(Also see Computer Integrated Manufacturing)
This Mechanical Design curriculum trains students in mechanical design based on computer-aided techniques. Oakton’s curriculum provides courses in basic principles as well as hands-on applications. Students, including those working in industrial settings, are prepared for employment as mechanical designers, mechanical engineering technicians and technical salespeople.
Mechanical Design Courses
Course covers properties of materials including plastics and decomposites, ceramics and metals. Processes discussed include molding, machining, forming and joining operations. Non-traditional methods such as EDM, stereolithography and abrasive cutting are presented. Course may include plant tours.
Course provides overview of hardware, software and procedures involved in computer design and manufacturing. Content includes hardware and fundamentals of CAD, programmable controllers, NC programming, robotics technology, inventory management and computer-integrated manufacturing.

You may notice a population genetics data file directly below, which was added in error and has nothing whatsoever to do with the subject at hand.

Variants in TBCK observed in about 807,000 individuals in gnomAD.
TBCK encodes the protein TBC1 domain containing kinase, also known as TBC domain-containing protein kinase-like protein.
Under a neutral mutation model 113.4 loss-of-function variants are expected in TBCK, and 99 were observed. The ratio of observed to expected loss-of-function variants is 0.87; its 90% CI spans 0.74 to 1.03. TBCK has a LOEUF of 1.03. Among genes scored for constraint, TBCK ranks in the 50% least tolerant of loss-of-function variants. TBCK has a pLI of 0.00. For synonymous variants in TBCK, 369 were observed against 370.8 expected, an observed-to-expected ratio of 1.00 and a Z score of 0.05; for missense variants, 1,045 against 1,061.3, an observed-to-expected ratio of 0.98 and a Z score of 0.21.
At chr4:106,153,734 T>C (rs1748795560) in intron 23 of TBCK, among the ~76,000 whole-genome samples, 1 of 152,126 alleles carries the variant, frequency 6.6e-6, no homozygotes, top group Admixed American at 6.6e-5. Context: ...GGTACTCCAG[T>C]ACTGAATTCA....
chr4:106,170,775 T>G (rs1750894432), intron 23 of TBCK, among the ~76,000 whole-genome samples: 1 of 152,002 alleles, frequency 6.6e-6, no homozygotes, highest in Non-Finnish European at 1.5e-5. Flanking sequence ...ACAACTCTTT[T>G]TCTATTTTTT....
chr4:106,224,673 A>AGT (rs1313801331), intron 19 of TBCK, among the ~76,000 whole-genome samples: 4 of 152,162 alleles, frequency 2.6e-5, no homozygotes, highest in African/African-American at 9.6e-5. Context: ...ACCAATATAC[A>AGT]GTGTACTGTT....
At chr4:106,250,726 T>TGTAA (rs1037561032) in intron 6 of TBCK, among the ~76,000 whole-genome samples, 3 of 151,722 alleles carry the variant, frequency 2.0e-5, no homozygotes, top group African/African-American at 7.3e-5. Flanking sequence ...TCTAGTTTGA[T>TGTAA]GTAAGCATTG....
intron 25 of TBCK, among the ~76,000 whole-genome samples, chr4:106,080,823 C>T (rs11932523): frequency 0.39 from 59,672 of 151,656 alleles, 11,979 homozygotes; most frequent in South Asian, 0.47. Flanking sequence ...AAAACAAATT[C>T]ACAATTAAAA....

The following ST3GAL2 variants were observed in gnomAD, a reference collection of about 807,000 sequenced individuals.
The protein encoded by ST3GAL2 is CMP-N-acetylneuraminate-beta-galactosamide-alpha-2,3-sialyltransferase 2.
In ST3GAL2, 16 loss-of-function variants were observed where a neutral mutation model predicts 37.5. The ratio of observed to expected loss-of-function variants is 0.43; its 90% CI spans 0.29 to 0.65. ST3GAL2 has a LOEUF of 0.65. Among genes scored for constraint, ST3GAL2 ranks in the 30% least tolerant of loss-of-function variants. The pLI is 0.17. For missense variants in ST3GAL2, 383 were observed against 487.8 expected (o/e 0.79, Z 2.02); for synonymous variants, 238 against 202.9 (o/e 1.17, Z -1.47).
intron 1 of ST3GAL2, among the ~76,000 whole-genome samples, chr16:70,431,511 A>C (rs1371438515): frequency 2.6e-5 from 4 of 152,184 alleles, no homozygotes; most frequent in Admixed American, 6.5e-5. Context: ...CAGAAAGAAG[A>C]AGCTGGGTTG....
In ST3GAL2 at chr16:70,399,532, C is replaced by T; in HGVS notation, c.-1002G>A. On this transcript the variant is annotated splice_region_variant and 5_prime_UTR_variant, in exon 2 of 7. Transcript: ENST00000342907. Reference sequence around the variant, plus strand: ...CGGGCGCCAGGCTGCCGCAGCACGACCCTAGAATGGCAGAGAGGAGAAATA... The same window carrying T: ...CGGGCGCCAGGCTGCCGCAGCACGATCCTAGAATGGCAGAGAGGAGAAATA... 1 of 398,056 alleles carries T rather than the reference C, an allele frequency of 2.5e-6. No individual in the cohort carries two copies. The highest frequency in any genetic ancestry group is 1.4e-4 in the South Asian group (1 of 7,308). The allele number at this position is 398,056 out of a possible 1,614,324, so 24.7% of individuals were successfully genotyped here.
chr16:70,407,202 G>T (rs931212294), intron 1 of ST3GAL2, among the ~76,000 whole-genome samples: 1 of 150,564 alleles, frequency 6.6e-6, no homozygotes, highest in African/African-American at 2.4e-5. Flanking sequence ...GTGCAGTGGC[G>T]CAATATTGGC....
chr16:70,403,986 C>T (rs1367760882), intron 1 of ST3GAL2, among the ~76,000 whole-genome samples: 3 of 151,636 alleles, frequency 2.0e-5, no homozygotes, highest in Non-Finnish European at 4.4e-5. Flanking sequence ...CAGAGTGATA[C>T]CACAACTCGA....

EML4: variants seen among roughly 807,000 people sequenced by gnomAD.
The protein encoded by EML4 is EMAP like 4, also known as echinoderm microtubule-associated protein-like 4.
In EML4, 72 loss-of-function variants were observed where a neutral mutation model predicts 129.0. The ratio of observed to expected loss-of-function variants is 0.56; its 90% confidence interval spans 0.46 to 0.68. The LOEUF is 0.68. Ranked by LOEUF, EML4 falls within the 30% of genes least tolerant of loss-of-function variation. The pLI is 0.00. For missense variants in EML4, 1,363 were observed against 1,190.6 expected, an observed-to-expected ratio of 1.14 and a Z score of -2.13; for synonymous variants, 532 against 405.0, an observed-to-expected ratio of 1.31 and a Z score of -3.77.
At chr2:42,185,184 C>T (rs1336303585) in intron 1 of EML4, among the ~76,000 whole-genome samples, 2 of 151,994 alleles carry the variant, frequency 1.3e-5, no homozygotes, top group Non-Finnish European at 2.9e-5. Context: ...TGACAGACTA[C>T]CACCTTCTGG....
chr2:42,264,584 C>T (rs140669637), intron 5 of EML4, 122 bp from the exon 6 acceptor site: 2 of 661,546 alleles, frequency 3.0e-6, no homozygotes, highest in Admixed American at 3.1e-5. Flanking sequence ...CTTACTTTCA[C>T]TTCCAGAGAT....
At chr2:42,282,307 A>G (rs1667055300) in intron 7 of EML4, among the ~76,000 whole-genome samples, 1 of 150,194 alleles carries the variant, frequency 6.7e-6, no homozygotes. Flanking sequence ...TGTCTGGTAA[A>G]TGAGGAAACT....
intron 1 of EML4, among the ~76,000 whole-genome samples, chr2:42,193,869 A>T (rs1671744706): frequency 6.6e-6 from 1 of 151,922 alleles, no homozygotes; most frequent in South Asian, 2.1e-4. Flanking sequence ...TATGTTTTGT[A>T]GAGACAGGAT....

Course examines design of machine elements as affected by material properties, loading conditions, stresses, deformation and costs. Content includes failure analysis, shafts and couplings, clutches and brakes, mechanical fasteners and springs.
Course covers concepts of statics and strength of materials. Content includes forces, force components, trusses, centroids, equilibrium, stress and strain, defection of beams, torsion, and various types of joints.